Natural Wonders in Northern Ireland

photo by Sebd

Like the rest of the Irish Island, Northern Ireland has a fair share of natural beauties, and some of them are among the natural wonders of the UK. While Northern Ireland is part of the United Kingdom, everything you see there, from cities and villages to countryside and wilderness, it all has a distinctly Irish flavor. Here are some of the most amazing natural wonders in Northern Ireland.

Giant’s Causeway

Giant’s Causeway is perhaps the most well known of all natural wonders in Northern Ireland, and one of the most fascinating geological phenomena in Europe, if not the entire world. The causeway consists of thousands of basalt pillars, located on the Irish coast. According to some estimates, there are over 40.000 pillars in the Giant’s Causeway, and many of them are so perfectly symmetrical that they seemed to have been built by human hands. From the visitor’s center, you have to make the rest of the way on foot, or by special shuttles, but since the path is so beautiful, walking is definitely recommended.

Slieveanorra forest

photo by Albert Bridge

Slieveanorra forest in County Antrim is located between the villages of Corkey and Newtown Crommelin, and it is the vastest conifer forest in Norther Ireland. The panoramas that you get to see in Slievenorra are unforgettable, and there are few other places in the country that will make you feel closer to nature.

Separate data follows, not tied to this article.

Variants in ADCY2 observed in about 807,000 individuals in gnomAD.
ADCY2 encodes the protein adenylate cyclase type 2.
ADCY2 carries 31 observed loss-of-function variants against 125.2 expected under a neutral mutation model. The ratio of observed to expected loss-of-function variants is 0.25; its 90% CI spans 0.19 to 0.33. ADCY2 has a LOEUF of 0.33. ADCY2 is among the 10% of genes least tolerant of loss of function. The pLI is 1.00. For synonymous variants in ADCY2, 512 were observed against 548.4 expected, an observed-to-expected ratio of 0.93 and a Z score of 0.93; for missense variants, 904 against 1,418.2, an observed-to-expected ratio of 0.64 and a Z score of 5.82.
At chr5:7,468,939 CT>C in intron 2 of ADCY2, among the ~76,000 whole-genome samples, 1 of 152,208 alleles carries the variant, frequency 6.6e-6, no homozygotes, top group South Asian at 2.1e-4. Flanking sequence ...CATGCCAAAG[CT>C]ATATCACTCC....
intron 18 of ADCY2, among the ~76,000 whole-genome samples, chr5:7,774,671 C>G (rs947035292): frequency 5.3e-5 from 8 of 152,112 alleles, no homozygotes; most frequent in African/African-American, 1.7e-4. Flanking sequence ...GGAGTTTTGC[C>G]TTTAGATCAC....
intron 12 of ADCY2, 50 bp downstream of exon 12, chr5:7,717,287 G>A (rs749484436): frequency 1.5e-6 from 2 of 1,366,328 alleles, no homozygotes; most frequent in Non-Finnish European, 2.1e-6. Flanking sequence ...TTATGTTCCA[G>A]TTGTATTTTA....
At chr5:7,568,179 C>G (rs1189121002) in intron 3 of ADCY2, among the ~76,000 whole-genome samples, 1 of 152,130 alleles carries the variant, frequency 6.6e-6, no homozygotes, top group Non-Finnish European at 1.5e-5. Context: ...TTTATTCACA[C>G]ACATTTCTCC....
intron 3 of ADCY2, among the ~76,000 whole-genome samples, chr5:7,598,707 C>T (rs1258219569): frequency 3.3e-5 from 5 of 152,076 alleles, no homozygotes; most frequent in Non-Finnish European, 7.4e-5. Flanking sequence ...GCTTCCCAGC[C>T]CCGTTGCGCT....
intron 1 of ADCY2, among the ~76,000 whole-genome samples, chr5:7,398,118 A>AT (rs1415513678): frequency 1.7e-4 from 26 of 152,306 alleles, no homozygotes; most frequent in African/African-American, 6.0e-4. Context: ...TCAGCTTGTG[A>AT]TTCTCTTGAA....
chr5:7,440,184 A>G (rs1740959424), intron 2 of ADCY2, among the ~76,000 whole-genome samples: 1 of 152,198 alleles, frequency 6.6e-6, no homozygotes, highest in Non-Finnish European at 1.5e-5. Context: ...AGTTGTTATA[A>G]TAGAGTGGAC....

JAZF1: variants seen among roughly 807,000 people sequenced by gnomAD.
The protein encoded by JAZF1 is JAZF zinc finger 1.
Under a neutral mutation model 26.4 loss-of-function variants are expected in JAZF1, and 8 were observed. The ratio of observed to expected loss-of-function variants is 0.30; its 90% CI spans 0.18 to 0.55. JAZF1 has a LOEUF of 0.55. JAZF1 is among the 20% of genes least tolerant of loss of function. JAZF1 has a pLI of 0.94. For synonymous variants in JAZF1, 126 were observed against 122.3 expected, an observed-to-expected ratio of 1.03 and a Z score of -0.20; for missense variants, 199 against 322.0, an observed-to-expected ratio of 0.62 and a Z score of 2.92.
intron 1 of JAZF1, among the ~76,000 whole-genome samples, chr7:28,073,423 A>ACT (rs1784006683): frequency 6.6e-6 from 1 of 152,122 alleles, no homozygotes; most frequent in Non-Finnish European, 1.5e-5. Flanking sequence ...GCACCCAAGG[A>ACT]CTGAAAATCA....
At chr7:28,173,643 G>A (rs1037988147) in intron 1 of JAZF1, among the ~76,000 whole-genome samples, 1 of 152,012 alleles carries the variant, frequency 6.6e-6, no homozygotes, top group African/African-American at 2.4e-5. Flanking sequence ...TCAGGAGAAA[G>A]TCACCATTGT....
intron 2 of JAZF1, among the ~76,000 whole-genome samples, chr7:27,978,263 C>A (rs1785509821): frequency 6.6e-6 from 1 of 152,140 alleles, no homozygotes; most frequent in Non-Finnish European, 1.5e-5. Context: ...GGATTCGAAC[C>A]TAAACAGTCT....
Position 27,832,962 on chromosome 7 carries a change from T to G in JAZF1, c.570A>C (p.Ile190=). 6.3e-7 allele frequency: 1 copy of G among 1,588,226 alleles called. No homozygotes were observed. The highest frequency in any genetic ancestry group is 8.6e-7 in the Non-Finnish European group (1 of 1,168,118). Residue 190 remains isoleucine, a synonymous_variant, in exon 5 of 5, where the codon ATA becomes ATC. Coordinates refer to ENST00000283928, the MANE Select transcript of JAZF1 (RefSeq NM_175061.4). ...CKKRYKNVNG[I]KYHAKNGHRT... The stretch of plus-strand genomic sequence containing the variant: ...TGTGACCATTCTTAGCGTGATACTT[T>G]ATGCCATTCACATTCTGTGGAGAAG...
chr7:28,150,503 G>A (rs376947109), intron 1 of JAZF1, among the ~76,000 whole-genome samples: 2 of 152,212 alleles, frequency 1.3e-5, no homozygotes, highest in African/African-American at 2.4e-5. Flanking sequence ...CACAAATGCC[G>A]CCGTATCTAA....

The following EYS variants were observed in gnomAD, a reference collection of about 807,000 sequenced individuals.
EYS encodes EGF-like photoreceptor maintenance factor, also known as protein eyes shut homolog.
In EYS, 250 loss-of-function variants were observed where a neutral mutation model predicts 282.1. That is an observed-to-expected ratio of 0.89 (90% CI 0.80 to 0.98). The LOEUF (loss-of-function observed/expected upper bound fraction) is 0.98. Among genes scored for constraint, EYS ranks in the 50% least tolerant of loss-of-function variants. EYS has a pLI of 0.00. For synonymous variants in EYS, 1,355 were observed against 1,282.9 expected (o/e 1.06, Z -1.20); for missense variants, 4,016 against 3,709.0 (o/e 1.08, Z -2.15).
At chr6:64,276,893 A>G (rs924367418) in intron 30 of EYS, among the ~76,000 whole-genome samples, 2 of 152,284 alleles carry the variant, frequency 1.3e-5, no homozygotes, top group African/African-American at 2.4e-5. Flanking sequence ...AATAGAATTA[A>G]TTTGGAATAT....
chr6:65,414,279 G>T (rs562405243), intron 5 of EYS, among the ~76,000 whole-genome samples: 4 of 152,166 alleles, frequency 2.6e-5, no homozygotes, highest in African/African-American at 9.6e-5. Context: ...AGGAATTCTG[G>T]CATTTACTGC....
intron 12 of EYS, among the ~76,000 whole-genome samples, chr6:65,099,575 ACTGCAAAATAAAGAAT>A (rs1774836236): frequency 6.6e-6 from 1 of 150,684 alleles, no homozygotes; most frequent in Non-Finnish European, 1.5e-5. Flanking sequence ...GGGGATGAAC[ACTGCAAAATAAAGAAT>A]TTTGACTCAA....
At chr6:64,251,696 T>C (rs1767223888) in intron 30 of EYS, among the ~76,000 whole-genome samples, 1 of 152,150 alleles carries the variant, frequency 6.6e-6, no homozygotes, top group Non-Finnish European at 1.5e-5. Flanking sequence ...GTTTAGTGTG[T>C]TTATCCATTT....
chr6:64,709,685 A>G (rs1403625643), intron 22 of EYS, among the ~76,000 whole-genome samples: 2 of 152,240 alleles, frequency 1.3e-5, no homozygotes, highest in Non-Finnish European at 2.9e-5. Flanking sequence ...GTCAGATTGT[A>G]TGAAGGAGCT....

Rathlin Island

photo by Mervyn Greer

Rathlin Island is a small islet off the coast of County Antrim, and the northernmost part of Northern Ireland, as well as its only inhabited offshore island. There are about 100 people currently living on the island, so it’s possible to walk for hours (and maybe even days) on end without meeting another soul. The island is known for the huge number of rare birds that live there, as well as the impressive 230 tall cliffs. Other areas of interest include Bruce’s Cave, named after Robert the Bruce.

Marble Arch Caves

The Marble Arch Caves in County Fermanagh are natural limestone caves located not far from the village of Florencecourt. The show caves can be explored if you sign up for a 70 minute tour, during which you will be able to see some very impressive stone formations. While initially the cave was believed to be approximately 4.5 km long, diving explorations proved that the cave system is about 9 km long. Despite having been vandalized recently, it still remains of the the natural wonders in Northern Ireland.

Mourne Mountains

photo by Marksie531

The Mourne Mountains in County Down are probably the most famous mountains in the country, and for good reason. The mountains have some truly amazing walking and hiking trails, with interesting vegetation (several species of heather) and wildlife. The most important feature of Mourne Mountains is the Mourne Wall, a granite dry-stone wall crossing no less then 15 summits.

Leave a Reply